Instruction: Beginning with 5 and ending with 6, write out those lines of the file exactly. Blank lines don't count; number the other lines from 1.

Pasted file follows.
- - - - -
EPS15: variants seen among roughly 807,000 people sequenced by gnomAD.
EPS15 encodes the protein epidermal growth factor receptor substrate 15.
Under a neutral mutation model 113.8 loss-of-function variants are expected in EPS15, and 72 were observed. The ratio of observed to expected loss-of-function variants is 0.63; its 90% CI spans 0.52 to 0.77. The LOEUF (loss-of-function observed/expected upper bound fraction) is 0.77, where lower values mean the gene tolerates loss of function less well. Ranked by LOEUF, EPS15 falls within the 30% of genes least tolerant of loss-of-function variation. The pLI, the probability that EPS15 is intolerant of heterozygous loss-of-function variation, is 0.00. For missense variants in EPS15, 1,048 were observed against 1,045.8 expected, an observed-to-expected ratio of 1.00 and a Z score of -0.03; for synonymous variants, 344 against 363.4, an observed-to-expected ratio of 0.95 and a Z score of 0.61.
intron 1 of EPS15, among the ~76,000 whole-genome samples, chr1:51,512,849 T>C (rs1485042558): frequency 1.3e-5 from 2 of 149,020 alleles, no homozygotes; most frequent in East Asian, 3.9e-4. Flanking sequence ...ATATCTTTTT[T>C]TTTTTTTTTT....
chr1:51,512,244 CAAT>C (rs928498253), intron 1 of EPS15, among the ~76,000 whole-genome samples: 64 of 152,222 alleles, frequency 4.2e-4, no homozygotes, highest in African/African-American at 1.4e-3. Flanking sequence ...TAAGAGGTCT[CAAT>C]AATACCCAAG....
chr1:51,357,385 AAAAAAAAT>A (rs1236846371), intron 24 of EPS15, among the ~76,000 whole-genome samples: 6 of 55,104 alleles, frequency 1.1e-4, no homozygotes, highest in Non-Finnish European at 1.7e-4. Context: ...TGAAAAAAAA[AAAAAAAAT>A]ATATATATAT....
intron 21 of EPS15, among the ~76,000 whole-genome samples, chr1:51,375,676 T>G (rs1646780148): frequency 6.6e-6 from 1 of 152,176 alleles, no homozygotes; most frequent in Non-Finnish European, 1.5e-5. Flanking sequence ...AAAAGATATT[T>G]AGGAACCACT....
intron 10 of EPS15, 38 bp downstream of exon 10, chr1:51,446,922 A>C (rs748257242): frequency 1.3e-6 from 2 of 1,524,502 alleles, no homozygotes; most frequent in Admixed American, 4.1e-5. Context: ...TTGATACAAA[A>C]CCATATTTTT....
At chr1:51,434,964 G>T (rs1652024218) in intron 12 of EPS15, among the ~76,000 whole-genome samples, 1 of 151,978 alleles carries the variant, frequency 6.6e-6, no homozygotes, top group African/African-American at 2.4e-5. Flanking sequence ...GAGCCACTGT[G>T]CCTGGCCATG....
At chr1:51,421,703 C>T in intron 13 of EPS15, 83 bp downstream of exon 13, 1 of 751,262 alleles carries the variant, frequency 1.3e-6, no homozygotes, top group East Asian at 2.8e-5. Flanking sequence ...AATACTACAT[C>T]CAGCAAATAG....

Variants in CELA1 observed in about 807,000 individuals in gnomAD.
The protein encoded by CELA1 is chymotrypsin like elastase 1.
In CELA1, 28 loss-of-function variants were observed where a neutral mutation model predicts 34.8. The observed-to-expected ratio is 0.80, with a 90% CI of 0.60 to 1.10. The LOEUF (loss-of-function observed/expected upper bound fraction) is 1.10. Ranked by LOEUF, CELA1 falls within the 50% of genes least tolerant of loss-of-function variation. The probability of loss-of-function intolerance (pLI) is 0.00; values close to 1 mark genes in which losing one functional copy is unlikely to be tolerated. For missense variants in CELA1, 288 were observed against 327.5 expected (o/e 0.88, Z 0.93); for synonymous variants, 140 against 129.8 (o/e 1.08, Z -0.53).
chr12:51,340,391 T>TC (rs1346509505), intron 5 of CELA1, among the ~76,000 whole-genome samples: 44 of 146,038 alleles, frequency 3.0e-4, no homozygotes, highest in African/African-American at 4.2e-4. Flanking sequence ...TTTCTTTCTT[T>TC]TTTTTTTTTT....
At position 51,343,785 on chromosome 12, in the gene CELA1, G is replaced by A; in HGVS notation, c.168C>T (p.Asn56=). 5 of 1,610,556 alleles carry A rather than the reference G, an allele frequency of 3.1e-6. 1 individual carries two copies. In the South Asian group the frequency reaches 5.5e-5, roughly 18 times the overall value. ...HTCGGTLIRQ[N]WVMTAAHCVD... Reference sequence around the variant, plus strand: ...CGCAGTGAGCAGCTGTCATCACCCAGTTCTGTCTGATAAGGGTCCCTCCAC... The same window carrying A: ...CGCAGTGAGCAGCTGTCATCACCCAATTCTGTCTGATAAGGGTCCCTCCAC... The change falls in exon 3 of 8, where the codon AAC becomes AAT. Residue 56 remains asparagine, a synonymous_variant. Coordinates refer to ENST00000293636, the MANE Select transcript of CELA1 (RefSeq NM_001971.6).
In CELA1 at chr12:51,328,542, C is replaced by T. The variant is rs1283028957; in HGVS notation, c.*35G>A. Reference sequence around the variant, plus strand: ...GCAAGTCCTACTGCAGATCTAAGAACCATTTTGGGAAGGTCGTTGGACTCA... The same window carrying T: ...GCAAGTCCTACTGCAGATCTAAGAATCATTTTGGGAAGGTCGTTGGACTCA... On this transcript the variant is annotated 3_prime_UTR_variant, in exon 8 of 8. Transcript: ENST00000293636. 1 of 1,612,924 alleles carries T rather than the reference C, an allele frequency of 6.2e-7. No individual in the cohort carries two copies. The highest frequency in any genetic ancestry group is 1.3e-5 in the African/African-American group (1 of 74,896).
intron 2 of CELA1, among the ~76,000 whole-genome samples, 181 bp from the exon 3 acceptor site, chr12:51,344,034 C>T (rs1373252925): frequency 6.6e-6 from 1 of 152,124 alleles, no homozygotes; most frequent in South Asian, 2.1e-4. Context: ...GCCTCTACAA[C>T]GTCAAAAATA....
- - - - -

chr1:51,512,244 CAAT>C (rs928498253), intron 1 of EPS15, among the ~76,000 whole-genome samples: 64 of 152,222 alleles, frequency 4.2e-4, no homozygotes, highest in African/African-American at 1.4e-3. Flanking sequence ...TAAGAGGTCT[CAAT>C]AATACCCAAG....
chr1:51,357,385 AAAAAAAAT>A (rs1236846371), intron 24 of EPS15, among the ~76,000 whole-genome samples: 6 of 55,104 alleles, frequency 1.1e-4, no homozygotes, highest in Non-Finnish European at 1.7e-4. Context: ...TGAAAAAAAA[AAAAAAAAT>A]ATATATATAT....